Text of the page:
76. Corol. 1. The horizontal velocity of a projectile, is always the same constant quantity, in every point of the because the horizontal motion is in a constant ratio to the motion in AD, which is the uniform projectile motion. And the projectile velocity is in proportion to the constant horizontal velocity, as radius to the cosine of the angle DAM, or angle of elevation or depression of the piece above or be low the horizontal line AH.
77. Corol. 2. The velocity of the projectile in the direction of the curve, or of its tangent at any point a is as the secant of its angle BAI of direction above the horizon. For the motion in the horizontal direction ar is constant, and ai is to AB, as radius to the secant of the angle a; therefore the motion at ▲, in AB, is every where as the secant of the angle A.
78. Corol. 3. The velocity in the direction DG of gravity or perpendicular to the horizon, at any point & of the curve, is to the first uniform projectile velocity at A, or point of contact of a tangent, as 2GD is to AB. Fòr, the times in AD and DG being equal, and the velocity acquired by freely de
scending through DG, being such as would carry the body uniformly over twice DG in an equal time, and the spaces described with uniform motions being as the velocities, therefore the space AD is to the space 2DG, as the projectile velocity at a, to the perpendicular velocity at G.
79. The Velocity in the Direction of the Curve, at any Point of it as a, is equal to that which is generated by Gravity in freely descending through a Space which is equal to One-Fourth of the Parameter of the diameter of the Parabola at that Point.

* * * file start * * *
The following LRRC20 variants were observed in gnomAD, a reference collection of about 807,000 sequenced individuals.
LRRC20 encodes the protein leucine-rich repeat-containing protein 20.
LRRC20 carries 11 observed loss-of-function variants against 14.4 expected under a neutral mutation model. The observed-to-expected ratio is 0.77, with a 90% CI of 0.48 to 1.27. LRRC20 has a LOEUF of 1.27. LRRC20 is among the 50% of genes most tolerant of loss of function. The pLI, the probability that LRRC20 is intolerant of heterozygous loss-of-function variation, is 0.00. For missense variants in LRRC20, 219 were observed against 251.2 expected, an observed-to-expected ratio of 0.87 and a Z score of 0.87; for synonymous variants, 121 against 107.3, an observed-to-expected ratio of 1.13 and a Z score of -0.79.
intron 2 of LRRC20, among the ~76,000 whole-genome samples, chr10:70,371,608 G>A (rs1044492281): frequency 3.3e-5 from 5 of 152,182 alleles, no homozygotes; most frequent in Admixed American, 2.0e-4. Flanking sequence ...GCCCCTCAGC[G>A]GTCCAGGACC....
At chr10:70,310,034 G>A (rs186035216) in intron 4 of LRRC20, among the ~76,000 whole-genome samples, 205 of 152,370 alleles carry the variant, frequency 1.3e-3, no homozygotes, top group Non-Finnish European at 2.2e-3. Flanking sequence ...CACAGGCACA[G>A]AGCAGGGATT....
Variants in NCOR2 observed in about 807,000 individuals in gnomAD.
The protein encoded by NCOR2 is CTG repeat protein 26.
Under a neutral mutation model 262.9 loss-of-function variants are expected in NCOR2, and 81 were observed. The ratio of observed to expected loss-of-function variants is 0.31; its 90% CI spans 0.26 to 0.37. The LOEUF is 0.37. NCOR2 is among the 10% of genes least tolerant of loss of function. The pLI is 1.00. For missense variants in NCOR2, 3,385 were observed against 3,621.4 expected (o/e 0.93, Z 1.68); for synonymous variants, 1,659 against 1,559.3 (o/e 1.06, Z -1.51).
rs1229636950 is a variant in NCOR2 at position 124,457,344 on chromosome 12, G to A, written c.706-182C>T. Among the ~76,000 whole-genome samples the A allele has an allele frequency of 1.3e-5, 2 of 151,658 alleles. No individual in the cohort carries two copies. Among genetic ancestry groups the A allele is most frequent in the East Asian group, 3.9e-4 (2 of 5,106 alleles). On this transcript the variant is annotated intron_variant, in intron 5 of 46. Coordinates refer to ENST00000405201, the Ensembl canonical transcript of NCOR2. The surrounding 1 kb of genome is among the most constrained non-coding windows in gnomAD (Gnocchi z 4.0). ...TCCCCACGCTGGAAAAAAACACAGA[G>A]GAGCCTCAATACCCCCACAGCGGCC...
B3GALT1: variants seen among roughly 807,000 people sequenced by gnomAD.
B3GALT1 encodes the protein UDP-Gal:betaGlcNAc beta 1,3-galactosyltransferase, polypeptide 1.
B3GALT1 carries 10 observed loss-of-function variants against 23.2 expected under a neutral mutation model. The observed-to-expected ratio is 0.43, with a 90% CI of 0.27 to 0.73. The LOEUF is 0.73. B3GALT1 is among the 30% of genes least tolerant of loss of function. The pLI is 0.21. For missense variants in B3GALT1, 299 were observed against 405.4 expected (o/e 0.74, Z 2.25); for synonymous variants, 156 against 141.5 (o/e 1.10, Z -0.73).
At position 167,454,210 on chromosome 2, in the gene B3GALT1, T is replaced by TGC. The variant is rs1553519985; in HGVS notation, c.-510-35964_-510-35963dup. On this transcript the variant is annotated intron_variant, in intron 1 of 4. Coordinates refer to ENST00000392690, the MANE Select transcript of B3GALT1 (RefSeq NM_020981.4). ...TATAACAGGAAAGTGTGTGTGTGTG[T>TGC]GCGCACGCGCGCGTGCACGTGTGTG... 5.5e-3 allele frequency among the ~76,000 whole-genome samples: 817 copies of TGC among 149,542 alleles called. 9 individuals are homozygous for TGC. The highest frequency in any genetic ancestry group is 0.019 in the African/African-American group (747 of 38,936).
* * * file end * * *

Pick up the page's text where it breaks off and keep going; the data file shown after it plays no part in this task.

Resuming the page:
LET PA OF AB be the height due to the velocity of the projectile at any point a, in the direction of the curve or fangent ac, or the velocity acquired by falling through that height; and complete the parallelogram ACDB. Then is CD =AB or AP, the height due to the velocity in the curve at A and CD is also the height due to the perpendicular velocity at D, which must be equal to the former; but by the last corol. the velocity at a is to the perpendicular velocity at D, as AC to 2CD; and as these velocities are equal, therefore AC or BD is equal to 2CD, or 2AB; and hence AB Or AP is equal to BD, or 1 of the parameter of the diameter AB, by corol. to theor. 13 of the Parabola.
80. Corol. 1. Hence, and from cor. 2, theor. 13 of the parabola, it appears that, if from the directrix of the parabola which is the path of the projectile, several lines Hɛ be drawn perpendicular to the directrix, or parallel to the axis; then the velocity of the projectile in the direction of the curve, at any point E, is always equal to the velocity acquired by a body falling freely through the perpendicular line HE.